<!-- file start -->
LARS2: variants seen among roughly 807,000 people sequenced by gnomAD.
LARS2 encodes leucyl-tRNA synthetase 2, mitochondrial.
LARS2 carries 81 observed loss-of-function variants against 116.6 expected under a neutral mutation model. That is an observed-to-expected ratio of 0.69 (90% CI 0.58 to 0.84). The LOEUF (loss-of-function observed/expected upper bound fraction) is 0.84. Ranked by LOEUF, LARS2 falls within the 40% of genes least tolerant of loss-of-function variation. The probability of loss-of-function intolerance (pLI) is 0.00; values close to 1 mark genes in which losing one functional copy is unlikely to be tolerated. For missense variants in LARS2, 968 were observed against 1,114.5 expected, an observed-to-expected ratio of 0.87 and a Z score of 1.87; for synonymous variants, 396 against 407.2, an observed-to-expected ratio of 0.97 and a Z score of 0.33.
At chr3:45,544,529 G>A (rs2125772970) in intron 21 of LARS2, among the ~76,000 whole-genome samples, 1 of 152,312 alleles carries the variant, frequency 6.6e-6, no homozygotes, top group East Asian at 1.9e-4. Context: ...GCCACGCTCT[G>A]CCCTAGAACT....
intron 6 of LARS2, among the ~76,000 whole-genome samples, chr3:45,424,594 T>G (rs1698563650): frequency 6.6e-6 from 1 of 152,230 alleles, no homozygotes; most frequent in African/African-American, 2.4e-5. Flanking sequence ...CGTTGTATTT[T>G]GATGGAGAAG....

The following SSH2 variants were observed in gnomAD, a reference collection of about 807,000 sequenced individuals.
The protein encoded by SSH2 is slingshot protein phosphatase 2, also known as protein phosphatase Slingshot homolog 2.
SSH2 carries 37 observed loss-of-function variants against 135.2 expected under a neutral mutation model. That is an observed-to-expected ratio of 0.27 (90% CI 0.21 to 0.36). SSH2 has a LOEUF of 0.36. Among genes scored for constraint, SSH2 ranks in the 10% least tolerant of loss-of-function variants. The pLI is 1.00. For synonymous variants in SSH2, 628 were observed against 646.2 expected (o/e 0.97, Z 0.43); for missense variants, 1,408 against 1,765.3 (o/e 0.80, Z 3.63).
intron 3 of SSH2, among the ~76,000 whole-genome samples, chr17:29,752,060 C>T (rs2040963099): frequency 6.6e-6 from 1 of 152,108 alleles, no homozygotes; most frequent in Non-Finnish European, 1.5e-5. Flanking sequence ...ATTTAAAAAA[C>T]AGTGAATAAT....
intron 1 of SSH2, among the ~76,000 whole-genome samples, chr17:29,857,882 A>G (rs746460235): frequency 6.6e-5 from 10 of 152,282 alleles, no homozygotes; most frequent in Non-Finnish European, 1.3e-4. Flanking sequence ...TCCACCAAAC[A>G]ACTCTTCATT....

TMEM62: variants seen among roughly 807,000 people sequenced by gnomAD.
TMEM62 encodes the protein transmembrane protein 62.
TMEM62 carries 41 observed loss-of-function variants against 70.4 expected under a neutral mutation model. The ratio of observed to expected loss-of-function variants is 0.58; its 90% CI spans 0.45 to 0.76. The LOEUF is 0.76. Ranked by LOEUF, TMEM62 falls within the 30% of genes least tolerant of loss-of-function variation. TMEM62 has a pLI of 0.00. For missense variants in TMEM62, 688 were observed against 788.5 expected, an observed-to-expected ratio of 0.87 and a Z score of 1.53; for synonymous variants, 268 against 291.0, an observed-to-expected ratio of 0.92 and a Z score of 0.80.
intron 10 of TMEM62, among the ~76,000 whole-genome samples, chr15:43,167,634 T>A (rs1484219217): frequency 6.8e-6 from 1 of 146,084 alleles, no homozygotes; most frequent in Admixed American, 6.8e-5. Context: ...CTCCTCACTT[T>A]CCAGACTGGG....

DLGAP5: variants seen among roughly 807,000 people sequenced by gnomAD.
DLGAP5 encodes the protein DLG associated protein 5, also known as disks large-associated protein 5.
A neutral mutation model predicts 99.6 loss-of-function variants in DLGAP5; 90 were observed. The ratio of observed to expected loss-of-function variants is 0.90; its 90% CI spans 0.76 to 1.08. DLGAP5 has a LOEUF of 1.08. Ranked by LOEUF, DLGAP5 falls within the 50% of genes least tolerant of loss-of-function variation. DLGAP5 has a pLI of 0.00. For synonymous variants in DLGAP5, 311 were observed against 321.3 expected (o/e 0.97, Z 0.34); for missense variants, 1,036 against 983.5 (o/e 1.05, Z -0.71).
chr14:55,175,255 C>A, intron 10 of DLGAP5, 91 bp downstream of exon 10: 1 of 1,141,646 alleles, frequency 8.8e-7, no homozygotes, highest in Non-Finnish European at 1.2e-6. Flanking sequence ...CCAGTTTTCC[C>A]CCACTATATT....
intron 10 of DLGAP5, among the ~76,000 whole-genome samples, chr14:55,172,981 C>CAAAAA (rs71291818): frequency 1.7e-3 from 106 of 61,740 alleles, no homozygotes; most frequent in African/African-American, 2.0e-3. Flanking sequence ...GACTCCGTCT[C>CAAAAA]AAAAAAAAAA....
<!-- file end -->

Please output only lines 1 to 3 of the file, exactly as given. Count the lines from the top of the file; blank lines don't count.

LARS2: variants seen among roughly 807,000 people sequenced by gnomAD.
LARS2 encodes leucyl-tRNA synthetase 2, mitochondrial.
LARS2 carries 81 observed loss-of-function variants against 116.6 expected under a neutral mutation model. That is an observed-to-expected ratio of 0.69 (90% CI 0.58 to 0.84). The LOEUF (loss-of-function observed/expected upper bound fraction) is 0.84. Ranked by LOEUF, LARS2 falls within the 40% of genes least tolerant of loss-of-function variation. The probability of loss-of-function intolerance (pLI) is 0.00; values close to 1 mark genes in which losing one functional copy is unlikely to be tolerated. For missense variants in LARS2, 968 were observed against 1,114.5 expected, an observed-to-expected ratio of 0.87 and a Z score of 1.87; for synonymous variants, 396 against 407.2, an observed-to-expected ratio of 0.97 and a Z score of 0.33.